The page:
Mr. Nardozza, who has been with the company since the days of the legendary Mr. Beene himself, mentioned that their offices still occupy the same space and house an archive of around 1,500 pieces of women's wear. In response to a question I posed regarding whether Beene (one of many to have had a falling out with WWD publisher John Fairchild) had any friends in the industry, Nardozza mentioned that he was very fond of famed publicist Eleanor Lambert whose 100th birthday party both he and the designer attended. Sadly, she had ordered a Geoffrey Beene jacket just two weeks before her death.

If you should find yourself at Michael's, I highly recommend the delicious chicken paillard (hold the fennel) and a seat facing into the room so you can check out the famous faces. Ensconced by the large bay windows, I kept a constant vigil on the stormy weather (sky darkening, umbrellas up, umbrellas down, rain falling sideways), but was unable to see anyone of note over my shoulder (was that Jeffrey Katzenberg?) in the main dining room.

At exactly 2:31 p.m., there was a loud and long buzzing alarm sound as everyone in the restaurant's phone signaled a synchronous flash flood warning in unison. I hope this never occurs during a performance of "Shows For Days." As Patti Lupone is not an octopus I can't imagine how she'd deal with that!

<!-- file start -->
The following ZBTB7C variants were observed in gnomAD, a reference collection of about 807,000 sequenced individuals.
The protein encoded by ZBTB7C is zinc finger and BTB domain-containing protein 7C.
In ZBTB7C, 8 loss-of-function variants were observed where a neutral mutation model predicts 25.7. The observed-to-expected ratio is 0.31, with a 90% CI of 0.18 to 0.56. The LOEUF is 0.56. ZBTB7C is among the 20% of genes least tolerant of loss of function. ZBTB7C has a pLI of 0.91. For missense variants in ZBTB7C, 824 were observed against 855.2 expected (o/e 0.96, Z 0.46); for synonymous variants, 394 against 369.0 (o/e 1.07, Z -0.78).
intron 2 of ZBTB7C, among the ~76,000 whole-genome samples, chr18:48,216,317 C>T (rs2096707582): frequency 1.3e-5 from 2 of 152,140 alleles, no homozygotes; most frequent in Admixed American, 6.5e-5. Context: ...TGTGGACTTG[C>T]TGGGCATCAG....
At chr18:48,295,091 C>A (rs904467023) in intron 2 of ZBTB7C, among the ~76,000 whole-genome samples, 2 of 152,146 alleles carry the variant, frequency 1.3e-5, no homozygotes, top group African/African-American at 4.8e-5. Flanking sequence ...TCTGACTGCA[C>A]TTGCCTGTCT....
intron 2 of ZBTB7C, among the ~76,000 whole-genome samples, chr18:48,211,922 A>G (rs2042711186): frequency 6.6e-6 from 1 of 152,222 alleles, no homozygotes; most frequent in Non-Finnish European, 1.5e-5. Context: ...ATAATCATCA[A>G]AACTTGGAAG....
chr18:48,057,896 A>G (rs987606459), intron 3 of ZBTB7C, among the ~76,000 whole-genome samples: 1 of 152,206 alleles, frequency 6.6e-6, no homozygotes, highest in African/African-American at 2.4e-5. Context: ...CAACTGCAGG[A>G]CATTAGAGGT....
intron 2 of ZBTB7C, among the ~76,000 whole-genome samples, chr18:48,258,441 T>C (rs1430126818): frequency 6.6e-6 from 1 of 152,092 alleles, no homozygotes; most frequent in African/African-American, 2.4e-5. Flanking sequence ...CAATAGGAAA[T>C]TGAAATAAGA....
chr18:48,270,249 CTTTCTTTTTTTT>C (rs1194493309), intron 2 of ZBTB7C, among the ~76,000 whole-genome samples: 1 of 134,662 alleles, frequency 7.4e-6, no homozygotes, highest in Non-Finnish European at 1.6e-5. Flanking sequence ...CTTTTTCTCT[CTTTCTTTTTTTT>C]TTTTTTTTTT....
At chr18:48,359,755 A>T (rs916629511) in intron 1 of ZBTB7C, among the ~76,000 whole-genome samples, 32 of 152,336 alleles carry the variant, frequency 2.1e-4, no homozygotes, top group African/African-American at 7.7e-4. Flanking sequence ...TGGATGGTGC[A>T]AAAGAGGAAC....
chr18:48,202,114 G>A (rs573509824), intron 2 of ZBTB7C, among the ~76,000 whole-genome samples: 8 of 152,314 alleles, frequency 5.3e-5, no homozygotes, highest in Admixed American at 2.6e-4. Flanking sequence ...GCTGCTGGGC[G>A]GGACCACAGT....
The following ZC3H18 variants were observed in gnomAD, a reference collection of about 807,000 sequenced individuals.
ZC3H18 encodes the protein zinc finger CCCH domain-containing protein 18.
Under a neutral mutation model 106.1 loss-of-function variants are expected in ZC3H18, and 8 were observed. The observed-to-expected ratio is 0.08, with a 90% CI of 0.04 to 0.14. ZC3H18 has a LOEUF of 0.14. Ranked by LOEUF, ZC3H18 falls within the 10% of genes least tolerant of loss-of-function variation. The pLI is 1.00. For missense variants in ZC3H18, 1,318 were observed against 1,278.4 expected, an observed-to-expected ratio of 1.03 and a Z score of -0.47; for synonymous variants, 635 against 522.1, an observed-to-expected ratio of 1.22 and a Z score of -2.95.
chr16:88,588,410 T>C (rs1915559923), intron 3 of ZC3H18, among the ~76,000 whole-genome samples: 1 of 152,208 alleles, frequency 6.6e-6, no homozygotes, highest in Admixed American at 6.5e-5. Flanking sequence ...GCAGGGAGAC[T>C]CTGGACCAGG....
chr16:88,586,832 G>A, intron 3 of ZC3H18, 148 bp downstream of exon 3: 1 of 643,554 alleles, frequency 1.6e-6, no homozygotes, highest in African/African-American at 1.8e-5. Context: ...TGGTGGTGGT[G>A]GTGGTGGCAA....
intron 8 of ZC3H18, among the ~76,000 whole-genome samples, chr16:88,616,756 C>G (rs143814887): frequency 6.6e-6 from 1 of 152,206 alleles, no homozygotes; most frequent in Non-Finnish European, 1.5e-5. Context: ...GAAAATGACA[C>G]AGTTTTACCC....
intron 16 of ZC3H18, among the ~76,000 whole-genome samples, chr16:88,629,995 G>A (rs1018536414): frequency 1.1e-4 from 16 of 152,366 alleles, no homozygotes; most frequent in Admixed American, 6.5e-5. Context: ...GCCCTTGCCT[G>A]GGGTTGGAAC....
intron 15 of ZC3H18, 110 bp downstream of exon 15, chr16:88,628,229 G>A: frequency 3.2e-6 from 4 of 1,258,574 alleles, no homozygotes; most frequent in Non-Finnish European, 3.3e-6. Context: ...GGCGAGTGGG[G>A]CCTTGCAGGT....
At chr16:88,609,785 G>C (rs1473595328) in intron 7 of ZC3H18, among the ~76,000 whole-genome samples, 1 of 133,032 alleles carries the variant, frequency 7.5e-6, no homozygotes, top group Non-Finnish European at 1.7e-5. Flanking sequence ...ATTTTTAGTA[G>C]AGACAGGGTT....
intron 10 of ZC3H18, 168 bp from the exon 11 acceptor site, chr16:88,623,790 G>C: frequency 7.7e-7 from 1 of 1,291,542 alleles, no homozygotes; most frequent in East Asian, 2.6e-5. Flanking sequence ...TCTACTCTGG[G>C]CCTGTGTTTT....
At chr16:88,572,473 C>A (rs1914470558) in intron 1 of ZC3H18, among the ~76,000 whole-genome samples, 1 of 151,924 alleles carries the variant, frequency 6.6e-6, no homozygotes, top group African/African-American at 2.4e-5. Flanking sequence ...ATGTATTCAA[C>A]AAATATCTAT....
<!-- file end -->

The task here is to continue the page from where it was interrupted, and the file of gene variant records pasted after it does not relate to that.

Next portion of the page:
- Laurel Marcus

Thursday, July 30, 2015

In the Market Report

Knock on ‘Wood’

Enid Collins of Texas wooden Love Box Bag

I was looking through the August issue of Vogue and came across a portfolio called “Box Set”, photographed by Bruce Weber and styled by Tabitha Simmons. It’s all about this season's new handbags which “resemble everything from lunch boxes to treasure chests”, (“proof that it’s never been so hip to be square”). One full page shows a model posing with about 12 of Dolce & Gabbana’s immediately recognizable, decorative and elaborately embellished box bags which are available at select Dolce & Gabbana stores, and range in price from about $2995 to $9995.

Box Set photographed by Bruce Weber

They instantly called to mind Enid Collins’ highly collectible, hand crafted wooden box bags from the 60’s which were decorated with paint and embellished with jewels, sequins, and bright and brilliant rhinestones. Collins of Texas first opened its doors in Medina, Texas in 1959, producing whimsical, happy handbags. Enid Collins, owner and designer, had a background in fashion design, and her husband Frederic (whose expertise was in engineering and sculpting), operated the company until 1970, when it was purchased by the Tandy Leather Corporation. An artist herself, she had a “special place in her heart for the starving artist”, according to her grandson Christian Collins.

Enid Collins working in her studio 

Never meant to be faddish, every bag was always signed, had its own unique personality, and was finished with distinctive leather trim, brass findings and fasteners. Many also had an interior mirror on the inside, which was personalized with the hand printed statement: “The Original Box Bag by Collins of Texas, hand-decorated for you”. In addition to a series of Zodiac signs, her other popular themes included: Glitter Bugs, Money Tree, Flora, Sol, Love, Gifts from the Sea, Pax, Flutterbye, Black Bird, Bird Brain, Early Bird, Love Birds, and my personal favorite, Night Owl (she had a special fascination with owls).